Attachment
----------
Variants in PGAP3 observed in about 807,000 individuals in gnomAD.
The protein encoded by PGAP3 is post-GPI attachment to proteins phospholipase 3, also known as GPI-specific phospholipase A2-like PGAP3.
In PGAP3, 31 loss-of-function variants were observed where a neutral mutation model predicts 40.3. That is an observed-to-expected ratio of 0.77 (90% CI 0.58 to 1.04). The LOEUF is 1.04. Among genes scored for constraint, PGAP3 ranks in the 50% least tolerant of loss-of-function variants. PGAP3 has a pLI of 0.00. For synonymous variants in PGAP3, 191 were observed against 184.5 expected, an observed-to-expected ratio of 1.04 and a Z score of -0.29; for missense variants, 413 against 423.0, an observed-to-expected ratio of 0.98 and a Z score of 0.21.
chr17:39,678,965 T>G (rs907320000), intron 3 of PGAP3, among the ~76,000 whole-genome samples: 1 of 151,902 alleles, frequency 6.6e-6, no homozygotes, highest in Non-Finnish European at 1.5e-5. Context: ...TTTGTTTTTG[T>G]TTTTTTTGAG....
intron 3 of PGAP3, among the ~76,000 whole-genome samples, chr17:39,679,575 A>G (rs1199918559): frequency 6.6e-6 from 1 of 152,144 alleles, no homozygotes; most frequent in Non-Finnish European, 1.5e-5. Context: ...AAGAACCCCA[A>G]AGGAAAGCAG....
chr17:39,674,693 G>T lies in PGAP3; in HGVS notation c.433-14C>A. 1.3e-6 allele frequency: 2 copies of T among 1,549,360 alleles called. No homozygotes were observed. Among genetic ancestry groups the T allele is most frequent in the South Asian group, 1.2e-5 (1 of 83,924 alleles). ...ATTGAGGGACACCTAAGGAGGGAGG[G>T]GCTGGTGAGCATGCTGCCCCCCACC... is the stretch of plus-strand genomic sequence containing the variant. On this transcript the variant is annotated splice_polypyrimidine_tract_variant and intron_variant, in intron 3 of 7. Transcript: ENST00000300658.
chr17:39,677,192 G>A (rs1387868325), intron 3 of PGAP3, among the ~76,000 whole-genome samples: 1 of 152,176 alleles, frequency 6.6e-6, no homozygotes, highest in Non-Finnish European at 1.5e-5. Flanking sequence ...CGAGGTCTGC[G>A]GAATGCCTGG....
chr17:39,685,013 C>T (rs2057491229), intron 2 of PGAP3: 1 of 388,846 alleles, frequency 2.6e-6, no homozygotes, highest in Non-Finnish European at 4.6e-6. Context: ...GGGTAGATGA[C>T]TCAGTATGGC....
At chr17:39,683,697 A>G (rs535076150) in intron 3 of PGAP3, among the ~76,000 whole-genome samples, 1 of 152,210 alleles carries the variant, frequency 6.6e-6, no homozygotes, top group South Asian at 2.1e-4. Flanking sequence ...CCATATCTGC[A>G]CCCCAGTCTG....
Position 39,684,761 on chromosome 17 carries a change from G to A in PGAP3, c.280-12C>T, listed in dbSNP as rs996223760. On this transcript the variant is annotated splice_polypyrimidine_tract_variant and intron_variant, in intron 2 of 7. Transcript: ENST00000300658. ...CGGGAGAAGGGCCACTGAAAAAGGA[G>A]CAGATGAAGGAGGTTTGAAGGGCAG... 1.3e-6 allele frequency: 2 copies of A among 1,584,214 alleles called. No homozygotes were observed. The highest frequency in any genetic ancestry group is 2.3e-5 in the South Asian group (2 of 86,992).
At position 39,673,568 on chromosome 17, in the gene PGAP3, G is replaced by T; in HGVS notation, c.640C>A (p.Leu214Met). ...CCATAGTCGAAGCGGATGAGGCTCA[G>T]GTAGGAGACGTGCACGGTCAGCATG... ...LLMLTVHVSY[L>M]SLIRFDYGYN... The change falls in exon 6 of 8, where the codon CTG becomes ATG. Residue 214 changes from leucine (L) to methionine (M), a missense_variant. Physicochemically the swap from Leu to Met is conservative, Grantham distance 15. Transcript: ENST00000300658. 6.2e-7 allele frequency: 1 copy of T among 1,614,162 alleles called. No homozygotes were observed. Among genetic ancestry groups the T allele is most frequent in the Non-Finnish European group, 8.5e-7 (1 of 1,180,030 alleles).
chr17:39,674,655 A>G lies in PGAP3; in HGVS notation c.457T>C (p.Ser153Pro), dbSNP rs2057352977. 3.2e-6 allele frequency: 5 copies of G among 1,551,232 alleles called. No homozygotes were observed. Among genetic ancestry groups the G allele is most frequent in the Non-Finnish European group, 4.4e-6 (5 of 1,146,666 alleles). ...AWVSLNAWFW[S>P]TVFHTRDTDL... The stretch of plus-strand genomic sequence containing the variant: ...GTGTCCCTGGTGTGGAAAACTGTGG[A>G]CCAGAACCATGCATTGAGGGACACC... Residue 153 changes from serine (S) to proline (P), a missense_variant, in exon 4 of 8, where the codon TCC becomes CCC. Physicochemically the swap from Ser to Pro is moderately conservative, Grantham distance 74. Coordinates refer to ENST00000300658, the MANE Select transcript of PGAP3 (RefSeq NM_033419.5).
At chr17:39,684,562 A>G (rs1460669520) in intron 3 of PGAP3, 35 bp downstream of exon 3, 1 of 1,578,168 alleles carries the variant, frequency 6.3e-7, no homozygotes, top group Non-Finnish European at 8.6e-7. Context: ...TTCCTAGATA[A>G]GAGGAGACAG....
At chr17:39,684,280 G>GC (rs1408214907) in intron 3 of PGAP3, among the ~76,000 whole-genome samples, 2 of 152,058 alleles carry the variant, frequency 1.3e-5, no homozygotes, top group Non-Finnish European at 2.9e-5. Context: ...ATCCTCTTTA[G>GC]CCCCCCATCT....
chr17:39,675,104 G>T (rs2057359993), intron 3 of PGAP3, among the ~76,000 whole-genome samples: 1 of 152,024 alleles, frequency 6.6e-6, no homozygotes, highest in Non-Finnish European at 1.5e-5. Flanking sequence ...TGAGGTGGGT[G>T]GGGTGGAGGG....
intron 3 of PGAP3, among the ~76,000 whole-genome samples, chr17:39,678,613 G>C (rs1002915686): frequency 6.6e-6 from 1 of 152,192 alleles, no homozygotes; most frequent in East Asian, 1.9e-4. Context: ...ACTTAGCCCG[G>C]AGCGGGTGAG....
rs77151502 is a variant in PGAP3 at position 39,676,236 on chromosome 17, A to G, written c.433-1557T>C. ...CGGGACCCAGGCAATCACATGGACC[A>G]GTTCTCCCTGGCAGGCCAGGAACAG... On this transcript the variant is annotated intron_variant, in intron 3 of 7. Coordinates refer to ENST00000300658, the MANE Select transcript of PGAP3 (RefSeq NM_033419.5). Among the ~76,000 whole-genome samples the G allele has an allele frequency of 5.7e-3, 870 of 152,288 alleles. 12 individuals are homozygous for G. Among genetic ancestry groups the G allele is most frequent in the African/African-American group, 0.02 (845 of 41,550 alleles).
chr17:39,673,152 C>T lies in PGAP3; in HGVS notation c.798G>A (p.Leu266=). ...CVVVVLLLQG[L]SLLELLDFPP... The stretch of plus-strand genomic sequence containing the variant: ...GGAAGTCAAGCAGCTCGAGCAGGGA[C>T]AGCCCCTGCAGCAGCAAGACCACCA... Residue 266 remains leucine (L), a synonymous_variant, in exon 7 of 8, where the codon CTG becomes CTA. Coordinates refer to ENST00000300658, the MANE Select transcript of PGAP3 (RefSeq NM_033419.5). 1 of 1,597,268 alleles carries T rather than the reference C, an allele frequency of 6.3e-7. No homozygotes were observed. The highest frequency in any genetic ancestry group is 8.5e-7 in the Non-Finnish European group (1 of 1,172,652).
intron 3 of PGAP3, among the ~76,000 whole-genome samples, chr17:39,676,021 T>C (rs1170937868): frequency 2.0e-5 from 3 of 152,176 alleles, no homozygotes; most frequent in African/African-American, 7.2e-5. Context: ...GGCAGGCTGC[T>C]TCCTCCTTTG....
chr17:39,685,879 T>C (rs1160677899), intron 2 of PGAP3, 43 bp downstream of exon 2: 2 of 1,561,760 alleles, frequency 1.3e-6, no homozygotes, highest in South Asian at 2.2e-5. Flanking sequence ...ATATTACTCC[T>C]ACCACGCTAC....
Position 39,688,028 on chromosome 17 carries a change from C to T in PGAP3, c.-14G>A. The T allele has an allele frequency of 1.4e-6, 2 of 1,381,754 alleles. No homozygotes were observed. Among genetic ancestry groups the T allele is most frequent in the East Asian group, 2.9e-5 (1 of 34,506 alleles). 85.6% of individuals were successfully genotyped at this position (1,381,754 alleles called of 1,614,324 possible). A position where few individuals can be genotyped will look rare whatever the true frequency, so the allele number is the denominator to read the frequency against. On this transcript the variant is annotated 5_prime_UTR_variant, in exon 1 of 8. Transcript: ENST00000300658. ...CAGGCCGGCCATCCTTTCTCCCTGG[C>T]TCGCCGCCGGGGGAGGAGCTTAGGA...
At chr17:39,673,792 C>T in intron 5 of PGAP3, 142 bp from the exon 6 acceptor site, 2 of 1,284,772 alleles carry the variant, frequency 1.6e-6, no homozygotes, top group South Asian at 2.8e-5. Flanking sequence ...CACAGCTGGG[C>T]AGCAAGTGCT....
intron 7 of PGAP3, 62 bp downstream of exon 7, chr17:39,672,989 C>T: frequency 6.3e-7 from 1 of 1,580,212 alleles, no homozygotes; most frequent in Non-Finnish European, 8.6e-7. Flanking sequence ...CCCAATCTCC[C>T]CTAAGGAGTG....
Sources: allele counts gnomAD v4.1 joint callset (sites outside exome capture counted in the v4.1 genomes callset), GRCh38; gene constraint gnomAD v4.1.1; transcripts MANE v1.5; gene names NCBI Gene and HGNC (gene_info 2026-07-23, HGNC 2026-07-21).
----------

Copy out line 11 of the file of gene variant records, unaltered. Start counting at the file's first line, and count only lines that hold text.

At position 39,673,568 on chromosome 17, in the gene PGAP3, G is replaced by T; in HGVS notation, c.640C>A (p.Leu214Met). ...CCATAGTCGAAGCGGATGAGGCTCA[G>T]GTAGGAGACGTGCACGGTCAGCATG... ...LLMLTVHVSY[L>M]SLIRFDYGYN... The change falls in exon 6 of 8, where the codon CTG becomes ATG. Residue 214 changes from leucine (L) to methionine (M), a missense_variant. Physicochemically the swap from Leu to Met is conservative, Grantham distance 15. Transcript: ENST00000300658. 6.2e-7 allele frequency: 1 copy of T among 1,614,162 alleles called. No homozygotes were observed. Among genetic ancestry groups the T allele is most frequent in the Non-Finnish European group, 8.5e-7 (1 of 1,180,030 alleles).